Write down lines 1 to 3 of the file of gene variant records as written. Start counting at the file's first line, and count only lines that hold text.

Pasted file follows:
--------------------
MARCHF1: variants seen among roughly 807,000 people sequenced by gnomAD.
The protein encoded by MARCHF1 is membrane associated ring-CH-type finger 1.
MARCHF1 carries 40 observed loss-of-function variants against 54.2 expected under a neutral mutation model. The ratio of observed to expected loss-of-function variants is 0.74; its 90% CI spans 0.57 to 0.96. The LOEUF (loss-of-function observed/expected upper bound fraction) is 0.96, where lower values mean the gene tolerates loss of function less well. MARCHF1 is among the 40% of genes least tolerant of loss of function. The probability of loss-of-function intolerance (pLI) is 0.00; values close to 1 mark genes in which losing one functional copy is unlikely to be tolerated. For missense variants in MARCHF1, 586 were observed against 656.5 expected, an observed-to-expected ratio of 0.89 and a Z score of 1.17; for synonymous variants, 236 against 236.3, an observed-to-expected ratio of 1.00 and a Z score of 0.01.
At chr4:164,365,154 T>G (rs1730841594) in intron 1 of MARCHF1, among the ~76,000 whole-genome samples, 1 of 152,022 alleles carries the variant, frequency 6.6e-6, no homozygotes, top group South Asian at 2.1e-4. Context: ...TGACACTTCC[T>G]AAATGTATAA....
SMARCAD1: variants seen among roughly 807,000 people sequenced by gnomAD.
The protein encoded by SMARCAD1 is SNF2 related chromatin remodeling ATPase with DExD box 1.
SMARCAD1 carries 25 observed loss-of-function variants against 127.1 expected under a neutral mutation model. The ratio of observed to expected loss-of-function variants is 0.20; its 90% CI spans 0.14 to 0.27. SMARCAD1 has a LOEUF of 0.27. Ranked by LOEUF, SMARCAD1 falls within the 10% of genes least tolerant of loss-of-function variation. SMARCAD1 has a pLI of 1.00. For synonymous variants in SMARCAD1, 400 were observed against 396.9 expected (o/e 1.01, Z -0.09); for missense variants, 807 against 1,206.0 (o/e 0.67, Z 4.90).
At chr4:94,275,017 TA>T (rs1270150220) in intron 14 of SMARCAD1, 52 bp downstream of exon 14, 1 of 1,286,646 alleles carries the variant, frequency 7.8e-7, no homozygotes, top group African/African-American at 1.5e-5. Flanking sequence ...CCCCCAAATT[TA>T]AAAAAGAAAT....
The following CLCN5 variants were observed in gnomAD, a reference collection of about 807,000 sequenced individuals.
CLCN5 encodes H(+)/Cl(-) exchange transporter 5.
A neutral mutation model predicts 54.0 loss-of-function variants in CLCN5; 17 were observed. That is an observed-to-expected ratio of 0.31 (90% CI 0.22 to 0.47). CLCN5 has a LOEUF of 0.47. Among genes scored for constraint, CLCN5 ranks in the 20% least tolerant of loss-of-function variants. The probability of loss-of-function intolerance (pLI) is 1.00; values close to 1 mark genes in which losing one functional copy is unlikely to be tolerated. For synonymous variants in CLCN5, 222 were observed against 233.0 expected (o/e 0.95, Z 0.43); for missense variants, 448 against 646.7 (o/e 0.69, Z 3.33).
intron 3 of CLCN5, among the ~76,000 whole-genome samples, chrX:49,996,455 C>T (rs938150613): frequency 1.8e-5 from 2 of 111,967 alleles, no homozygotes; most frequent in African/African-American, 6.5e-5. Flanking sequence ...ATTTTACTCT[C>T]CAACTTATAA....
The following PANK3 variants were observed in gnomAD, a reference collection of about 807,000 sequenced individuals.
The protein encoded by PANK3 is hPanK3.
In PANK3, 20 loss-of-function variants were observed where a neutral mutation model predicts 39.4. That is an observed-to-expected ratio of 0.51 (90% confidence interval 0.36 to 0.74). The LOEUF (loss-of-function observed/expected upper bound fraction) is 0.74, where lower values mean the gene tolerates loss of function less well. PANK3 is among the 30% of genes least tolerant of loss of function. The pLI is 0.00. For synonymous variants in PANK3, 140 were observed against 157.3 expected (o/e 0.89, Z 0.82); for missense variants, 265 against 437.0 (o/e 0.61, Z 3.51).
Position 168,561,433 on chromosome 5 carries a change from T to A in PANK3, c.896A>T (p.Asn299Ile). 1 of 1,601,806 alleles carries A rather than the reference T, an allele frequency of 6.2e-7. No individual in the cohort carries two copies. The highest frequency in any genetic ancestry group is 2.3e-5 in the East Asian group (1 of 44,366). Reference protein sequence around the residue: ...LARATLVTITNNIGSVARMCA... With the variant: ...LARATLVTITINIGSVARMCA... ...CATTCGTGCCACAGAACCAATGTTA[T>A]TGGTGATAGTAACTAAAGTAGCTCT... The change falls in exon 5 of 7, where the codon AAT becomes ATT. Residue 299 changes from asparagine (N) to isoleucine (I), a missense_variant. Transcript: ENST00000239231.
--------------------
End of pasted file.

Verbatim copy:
MARCHF1: variants seen among roughly 807,000 people sequenced by gnomAD.
The protein encoded by MARCHF1 is membrane associated ring-CH-type finger 1.
MARCHF1 carries 40 observed loss-of-function variants against 54.2 expected under a neutral mutation model. The ratio of observed to expected loss-of-function variants is 0.74; its 90% CI spans 0.57 to 0.96. The LOEUF (loss-of-function observed/expected upper bound fraction) is 0.96, where lower values mean the gene tolerates loss of function less well. MARCHF1 is among the 40% of genes least tolerant of loss of function. The probability of loss-of-function intolerance (pLI) is 0.00; values close to 1 mark genes in which losing one functional copy is unlikely to be tolerated. For missense variants in MARCHF1, 586 were observed against 656.5 expected, an observed-to-expected ratio of 0.89 and a Z score of 1.17; for synonymous variants, 236 against 236.3, an observed-to-expected ratio of 1.00 and a Z score of 0.01.